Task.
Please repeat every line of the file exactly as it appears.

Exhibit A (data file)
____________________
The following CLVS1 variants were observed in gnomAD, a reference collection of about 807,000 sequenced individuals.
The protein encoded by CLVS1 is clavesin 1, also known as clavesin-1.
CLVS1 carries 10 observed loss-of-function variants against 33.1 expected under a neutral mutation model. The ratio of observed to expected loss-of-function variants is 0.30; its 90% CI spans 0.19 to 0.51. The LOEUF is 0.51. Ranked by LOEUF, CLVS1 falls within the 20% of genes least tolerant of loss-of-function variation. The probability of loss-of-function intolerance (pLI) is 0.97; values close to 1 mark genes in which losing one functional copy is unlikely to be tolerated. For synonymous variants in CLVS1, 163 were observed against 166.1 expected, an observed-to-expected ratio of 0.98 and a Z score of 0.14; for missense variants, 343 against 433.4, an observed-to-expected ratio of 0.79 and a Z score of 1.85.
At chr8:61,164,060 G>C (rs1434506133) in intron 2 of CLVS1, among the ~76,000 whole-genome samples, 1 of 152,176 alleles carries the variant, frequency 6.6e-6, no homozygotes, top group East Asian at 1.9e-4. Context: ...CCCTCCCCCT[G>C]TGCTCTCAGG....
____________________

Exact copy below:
The following CLVS1 variants were observed in gnomAD, a reference collection of about 807,000 sequenced individuals.
The protein encoded by CLVS1 is clavesin 1, also known as clavesin-1.
CLVS1 carries 10 observed loss-of-function variants against 33.1 expected under a neutral mutation model. The ratio of observed to expected loss-of-function variants is 0.30; its 90% CI spans 0.19 to 0.51. The LOEUF is 0.51. Ranked by LOEUF, CLVS1 falls within the 20% of genes least tolerant of loss-of-function variation. The probability of loss-of-function intolerance (pLI) is 0.97; values close to 1 mark genes in which losing one functional copy is unlikely to be tolerated. For synonymous variants in CLVS1, 163 were observed against 166.1 expected, an observed-to-expected ratio of 0.98 and a Z score of 0.14; for missense variants, 343 against 433.4, an observed-to-expected ratio of 0.79 and a Z score of 1.85.
At chr8:61,164,060 G>C (rs1434506133) in intron 2 of CLVS1, among the ~76,000 whole-genome samples, 1 of 152,176 alleles carries the variant, frequency 6.6e-6, no homozygotes, top group East Asian at 1.9e-4. Context: ...CCCTCCCCCT[G>C]TGCTCTCAGG....